Sport Editor Jack Wooldridge reports on how preparations for the 2022 Commonwealth Games in Birmingham have been affected by COVID-19

Written by Jack Wooldridge
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Images by flickr/metrogogo

A single-site athletes’ village is no longer under consideration by organisers of the 2022 Commonwealth Games, which are to be held in Birmingham.

In light of the coronavirus pandemic, organisers have broken away from tradition for the upcoming games. Athletes will now be housed in existing accommodation at the NEC hotel, the University of Warwick, and the University of Birmingham.

The village was set to be built in the Perry Barr area of the city in conjunction with a regeneration project in the Birmingham suburb. Whilst the local infrastructure improvements will be unaffected, the decision is still a blow for the people of Birmingham and the games as a whole.

The decision is still a blow for the people of Birmingham and the games as a whole

A mile from the Alexander Stadium, where the athletics events will be hosted, the village was designed to accommodate the 6,500 athletes set to participate in the games. The cost of the village was to be in the region of £500 million, but there were serious concerns about the mounting costs of the operation, with Birmingham City Council running £92 million over budget. With the decision to abandon these plans, questions have been raised over whether taxpayers’ money has been put to good use.

Organisers have insisted, however, that the change of plan is a consequence of the COVID-19 pandemic and nothing else. The virus had led to delays on the construction work of the proposed site with the building firm in charge, Lendlease, suspending all their work in April.

As disappointing as it is, the change is a sensible decision given the limited timeframe in which the site would have to be completed, alongside the lingering uncertainty caused by the pandemic. Athletes will still find themselves with high-quality accommodation facilities, although these will now be scattered around Birmingham and away from the Alexander Stadium. Organisers have also offered reassurances that existing accommodation will be suitable for para-athletes.

The University of Birmingham’s Vale village will act as the ‘principal village’, hosting 2800 athletes. The university will also be holding the hockey and squash events in 2022, whilst the £55 million Sport and Fitness club will be available for training purposes.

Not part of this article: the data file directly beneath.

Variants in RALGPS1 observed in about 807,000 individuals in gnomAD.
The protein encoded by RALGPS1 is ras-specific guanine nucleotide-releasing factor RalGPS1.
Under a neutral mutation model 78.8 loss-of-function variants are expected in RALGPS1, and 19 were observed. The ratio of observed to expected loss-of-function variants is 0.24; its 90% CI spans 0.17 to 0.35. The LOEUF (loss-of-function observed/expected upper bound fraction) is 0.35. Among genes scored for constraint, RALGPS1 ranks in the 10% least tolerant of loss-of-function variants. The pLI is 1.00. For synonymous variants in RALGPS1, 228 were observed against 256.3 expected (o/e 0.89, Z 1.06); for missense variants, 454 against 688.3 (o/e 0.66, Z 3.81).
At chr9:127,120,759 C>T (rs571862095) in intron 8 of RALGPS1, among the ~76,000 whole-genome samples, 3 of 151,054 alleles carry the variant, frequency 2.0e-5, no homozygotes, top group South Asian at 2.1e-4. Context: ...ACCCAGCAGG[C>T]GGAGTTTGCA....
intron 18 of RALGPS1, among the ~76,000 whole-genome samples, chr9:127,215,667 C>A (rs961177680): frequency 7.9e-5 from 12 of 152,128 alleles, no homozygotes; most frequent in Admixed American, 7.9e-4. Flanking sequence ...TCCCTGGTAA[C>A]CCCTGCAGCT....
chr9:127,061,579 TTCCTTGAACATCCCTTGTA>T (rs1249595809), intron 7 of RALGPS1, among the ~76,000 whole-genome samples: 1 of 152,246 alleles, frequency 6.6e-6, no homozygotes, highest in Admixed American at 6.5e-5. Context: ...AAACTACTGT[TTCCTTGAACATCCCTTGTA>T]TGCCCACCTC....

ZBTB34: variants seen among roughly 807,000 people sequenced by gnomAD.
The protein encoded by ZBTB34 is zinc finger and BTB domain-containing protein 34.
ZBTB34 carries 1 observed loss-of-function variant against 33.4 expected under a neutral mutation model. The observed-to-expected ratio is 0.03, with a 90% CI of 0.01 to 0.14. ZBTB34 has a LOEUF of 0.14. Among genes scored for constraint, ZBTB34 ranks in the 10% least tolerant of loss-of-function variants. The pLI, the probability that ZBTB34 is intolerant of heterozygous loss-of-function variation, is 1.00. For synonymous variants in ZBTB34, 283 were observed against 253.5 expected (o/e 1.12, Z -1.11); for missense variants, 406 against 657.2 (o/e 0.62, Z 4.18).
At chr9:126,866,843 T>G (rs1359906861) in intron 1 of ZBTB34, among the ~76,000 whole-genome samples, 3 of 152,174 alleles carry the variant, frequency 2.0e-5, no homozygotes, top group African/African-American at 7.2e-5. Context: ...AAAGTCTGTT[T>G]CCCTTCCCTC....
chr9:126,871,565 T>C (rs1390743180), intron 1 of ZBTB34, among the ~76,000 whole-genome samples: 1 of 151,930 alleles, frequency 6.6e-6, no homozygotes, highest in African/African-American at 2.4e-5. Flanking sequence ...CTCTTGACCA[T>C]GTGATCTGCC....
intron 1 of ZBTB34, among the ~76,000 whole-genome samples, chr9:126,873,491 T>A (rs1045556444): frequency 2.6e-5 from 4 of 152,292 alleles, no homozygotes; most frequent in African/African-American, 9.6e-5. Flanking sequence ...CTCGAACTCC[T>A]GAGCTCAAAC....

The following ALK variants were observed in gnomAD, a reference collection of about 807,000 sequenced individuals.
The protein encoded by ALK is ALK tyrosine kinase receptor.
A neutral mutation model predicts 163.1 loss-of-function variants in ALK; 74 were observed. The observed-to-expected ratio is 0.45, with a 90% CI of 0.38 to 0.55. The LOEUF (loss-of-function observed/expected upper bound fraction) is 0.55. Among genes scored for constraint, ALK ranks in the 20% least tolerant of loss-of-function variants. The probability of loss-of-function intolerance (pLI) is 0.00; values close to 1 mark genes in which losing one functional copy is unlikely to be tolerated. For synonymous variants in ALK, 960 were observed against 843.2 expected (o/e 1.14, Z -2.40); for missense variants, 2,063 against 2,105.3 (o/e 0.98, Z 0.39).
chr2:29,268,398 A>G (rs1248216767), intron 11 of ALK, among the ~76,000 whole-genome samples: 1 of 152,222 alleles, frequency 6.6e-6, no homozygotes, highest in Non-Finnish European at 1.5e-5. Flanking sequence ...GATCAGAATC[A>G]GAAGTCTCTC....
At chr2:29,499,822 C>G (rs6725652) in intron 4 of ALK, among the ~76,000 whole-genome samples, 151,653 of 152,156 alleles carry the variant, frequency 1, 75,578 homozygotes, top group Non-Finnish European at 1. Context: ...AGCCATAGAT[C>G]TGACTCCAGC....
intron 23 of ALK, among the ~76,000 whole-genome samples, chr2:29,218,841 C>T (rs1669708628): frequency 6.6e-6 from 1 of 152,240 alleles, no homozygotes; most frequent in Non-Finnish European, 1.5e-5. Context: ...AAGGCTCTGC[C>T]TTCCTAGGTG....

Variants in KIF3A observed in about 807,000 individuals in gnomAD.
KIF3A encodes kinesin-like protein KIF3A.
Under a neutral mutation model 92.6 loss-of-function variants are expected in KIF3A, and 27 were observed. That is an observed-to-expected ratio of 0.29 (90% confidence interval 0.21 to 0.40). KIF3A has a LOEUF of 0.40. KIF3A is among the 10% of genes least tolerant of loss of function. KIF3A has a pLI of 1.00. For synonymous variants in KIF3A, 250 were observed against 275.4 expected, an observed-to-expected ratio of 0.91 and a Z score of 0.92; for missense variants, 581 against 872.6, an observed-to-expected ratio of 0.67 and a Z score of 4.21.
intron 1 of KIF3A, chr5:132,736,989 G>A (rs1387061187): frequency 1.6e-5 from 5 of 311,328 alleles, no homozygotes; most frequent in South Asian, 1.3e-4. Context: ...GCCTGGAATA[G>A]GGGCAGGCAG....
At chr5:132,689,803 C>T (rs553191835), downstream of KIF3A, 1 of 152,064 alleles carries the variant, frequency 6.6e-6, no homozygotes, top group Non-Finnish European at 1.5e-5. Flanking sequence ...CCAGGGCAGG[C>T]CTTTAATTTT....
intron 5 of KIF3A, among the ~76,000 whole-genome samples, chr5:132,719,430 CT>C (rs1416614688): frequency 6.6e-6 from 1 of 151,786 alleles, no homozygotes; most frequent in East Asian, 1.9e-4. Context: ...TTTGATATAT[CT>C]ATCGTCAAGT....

The University of Birmingham’s Vale village will act as the ‘principal village’, hosting 2800 athletes

This is not the first example of how coronavirus has impacted Birmingham 2022 either. In June, it was announced that the start of the Commonwealth Games has been delayed by a day. This was to avoid clashes with the World Athletics Championships and the UEFA Women’s Football Championships after changes to the sporting calendar due to COVID-19.

Work on the Alexander Stadium is also behind schedule due to the pandemic. The stadium, which will also host the opening and closing ceremonies, is undergoing reconstruction work that will see its capacity rise and improvements in infrastructure in the surrounding area. The revamp was due to be completed by late 2021, but is now set be completed by April 2022, just three months before the games start.

The stadium has now also been closed to the public earlier than expected and will not reopen for public use until after the 2022 event. Although this was not part of the original plan, the council have cited the impact on construction schedules and government guidance on social distancing as reasons for the closure of the facility.

Its closure has caused severe disruption for Birchfield Harriers athletes, who have used the facilities since 1976 and many of which hope to compete in 2022. Instead, they have been forced to find alternative training sites.

Even before the virus hit, the organisers were already behind schedule, as well as being over budget

Even before the virus hit, the organisers were already behind schedule, as well as being over budget. Birmingham has only had four rather than the usual seven years to prepare for the games after replacing Durban as the host city, and problems with getting various contracts signed off have not helped the cause.

In a statement following the spate of recent announcements, Dame Louise Martin, president of the Commonwealth Games Foundation, said: ‘We remain confident Birmingham 2022 will be delivered on time and on budget – offering a world-class Games experience for athletes, fans and all the businesses and communities that look to benefit from this extraordinary event.’


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